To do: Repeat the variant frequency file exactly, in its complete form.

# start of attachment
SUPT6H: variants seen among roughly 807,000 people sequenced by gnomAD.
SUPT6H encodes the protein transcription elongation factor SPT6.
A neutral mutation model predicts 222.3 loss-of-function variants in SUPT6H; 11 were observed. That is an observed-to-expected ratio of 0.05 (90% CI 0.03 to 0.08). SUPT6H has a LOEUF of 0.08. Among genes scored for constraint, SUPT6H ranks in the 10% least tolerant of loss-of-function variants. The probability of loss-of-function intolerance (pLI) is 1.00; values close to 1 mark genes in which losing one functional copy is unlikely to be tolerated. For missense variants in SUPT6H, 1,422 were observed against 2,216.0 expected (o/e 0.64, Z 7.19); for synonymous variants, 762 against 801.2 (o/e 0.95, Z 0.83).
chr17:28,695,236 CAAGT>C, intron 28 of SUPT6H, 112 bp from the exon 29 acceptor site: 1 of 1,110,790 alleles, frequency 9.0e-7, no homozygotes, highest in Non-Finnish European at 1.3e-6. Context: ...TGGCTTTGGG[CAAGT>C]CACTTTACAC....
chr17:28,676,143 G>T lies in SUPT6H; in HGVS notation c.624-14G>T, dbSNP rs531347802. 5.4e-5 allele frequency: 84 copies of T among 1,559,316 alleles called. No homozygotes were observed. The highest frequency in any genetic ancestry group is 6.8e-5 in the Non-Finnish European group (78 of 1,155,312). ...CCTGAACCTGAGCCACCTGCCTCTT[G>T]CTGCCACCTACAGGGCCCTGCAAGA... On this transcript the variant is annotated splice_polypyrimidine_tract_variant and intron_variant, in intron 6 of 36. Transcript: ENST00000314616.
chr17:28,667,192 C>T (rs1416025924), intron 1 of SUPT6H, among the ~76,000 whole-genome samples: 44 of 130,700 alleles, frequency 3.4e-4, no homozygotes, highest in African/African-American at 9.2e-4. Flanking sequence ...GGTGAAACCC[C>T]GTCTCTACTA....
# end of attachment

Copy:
SUPT6H: variants seen among roughly 807,000 people sequenced by gnomAD.
SUPT6H encodes the protein transcription elongation factor SPT6.
A neutral mutation model predicts 222.3 loss-of-function variants in SUPT6H; 11 were observed. That is an observed-to-expected ratio of 0.05 (90% CI 0.03 to 0.08). SUPT6H has a LOEUF of 0.08. Among genes scored for constraint, SUPT6H ranks in the 10% least tolerant of loss-of-function variants. The probability of loss-of-function intolerance (pLI) is 1.00; values close to 1 mark genes in which losing one functional copy is unlikely to be tolerated. For missense variants in SUPT6H, 1,422 were observed against 2,216.0 expected (o/e 0.64, Z 7.19); for synonymous variants, 762 against 801.2 (o/e 0.95, Z 0.83).
chr17:28,695,236 CAAGT>C, intron 28 of SUPT6H, 112 bp from the exon 29 acceptor site: 1 of 1,110,790 alleles, frequency 9.0e-7, no homozygotes, highest in Non-Finnish European at 1.3e-6. Context: ...TGGCTTTGGG[CAAGT>C]CACTTTACAC....
chr17:28,676,143 G>T lies in SUPT6H; in HGVS notation c.624-14G>T, dbSNP rs531347802. 5.4e-5 allele frequency: 84 copies of T among 1,559,316 alleles called. No homozygotes were observed. The highest frequency in any genetic ancestry group is 6.8e-5 in the Non-Finnish European group (78 of 1,155,312). ...CCTGAACCTGAGCCACCTGCCTCTT[G>T]CTGCCACCTACAGGGCCCTGCAAGA... On this transcript the variant is annotated splice_polypyrimidine_tract_variant and intron_variant, in intron 6 of 36. Transcript: ENST00000314616.
chr17:28,667,192 C>T (rs1416025924), intron 1 of SUPT6H, among the ~76,000 whole-genome samples: 44 of 130,700 alleles, frequency 3.4e-4, no homozygotes, highest in African/African-American at 9.2e-4. Flanking sequence ...GGTGAAACCC[C>T]GTCTCTACTA....